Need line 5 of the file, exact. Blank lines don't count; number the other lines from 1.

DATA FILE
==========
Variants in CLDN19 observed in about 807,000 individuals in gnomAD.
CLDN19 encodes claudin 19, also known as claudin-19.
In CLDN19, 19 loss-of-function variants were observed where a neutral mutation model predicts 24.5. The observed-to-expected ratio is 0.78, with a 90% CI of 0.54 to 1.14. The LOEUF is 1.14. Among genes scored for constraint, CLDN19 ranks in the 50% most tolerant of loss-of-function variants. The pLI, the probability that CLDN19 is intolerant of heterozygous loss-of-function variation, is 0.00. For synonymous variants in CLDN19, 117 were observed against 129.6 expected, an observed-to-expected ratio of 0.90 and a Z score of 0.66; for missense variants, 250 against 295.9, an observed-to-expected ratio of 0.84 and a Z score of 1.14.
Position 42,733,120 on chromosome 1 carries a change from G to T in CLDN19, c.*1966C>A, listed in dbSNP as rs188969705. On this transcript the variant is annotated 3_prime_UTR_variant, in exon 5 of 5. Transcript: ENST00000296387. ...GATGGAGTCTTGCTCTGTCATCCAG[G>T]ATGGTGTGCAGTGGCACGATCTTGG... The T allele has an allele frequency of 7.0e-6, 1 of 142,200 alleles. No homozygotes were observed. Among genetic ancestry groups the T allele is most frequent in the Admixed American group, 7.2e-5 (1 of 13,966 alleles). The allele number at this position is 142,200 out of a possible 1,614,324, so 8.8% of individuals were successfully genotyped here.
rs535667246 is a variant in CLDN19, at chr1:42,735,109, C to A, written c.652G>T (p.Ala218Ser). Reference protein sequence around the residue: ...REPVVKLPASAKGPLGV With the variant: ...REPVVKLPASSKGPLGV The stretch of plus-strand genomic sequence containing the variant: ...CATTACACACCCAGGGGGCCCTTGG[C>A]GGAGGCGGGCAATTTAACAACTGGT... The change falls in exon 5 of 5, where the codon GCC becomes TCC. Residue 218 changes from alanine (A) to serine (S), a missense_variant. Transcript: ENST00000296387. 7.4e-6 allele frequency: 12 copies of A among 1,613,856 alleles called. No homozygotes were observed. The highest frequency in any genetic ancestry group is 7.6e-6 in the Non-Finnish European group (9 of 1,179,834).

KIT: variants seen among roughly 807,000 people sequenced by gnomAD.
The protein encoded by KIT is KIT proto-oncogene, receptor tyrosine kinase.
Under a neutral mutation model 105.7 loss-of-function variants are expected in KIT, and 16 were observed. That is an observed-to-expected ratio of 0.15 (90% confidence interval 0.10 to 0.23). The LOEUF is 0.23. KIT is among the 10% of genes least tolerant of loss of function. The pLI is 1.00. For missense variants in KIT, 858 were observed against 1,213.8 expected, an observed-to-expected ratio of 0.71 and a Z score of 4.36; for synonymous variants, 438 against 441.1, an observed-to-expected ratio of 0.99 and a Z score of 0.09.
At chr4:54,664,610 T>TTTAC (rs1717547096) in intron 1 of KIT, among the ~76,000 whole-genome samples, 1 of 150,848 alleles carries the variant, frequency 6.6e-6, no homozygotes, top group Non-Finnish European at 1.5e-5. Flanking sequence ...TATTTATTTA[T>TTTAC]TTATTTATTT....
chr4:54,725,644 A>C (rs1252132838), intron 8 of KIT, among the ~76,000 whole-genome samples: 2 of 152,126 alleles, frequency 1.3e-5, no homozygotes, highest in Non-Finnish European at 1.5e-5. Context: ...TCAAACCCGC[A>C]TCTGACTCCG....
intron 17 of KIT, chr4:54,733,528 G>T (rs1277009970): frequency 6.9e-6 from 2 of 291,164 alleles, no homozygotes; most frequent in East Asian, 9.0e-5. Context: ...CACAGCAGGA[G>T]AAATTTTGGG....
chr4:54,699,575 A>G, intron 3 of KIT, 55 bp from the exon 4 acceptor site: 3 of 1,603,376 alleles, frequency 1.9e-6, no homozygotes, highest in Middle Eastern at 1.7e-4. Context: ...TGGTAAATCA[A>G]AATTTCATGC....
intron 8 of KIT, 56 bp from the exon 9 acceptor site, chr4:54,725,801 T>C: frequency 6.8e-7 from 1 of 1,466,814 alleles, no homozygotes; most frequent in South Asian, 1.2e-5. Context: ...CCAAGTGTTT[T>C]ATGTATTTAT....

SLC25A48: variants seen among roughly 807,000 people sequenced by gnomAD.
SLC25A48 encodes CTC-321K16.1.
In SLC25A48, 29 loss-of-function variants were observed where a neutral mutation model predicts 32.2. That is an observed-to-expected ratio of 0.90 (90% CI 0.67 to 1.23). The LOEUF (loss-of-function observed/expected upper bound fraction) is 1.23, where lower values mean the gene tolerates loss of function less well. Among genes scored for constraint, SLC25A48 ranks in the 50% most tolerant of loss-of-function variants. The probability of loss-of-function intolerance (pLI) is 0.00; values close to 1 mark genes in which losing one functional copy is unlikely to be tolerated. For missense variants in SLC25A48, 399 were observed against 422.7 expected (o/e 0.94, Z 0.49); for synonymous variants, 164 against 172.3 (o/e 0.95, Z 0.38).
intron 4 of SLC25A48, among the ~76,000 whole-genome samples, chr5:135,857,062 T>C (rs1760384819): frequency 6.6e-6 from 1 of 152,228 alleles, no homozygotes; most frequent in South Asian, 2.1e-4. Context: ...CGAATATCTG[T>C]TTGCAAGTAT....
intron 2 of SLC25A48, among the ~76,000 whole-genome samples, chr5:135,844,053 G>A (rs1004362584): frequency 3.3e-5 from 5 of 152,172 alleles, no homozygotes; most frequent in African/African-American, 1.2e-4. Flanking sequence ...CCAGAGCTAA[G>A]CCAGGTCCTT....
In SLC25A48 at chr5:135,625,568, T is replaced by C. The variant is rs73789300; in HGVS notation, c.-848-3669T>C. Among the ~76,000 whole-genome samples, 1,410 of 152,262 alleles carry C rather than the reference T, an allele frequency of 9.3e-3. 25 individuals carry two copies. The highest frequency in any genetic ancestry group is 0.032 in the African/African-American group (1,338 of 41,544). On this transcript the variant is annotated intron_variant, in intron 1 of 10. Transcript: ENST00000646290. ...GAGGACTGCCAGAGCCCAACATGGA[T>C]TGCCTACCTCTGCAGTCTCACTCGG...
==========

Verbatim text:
rs535667246 is a variant in CLDN19, at chr1:42,735,109, C to A, written c.652G>T (p.Ala218Ser). Reference protein sequence around the residue: ...REPVVKLPASAKGPLGV With the variant: ...REPVVKLPASSKGPLGV The stretch of plus-strand genomic sequence containing the variant: ...CATTACACACCCAGGGGGCCCTTGG[C>A]GGAGGCGGGCAATTTAACAACTGGT... The change falls in exon 5 of 5, where the codon GCC becomes TCC. Residue 218 changes from alanine (A) to serine (S), a missense_variant. Transcript: ENST00000296387. 7.4e-6 allele frequency: 12 copies of A among 1,613,856 alleles called. No homozygotes were observed. The highest frequency in any genetic ancestry group is 7.6e-6 in the Non-Finnish European group (9 of 1,179,834).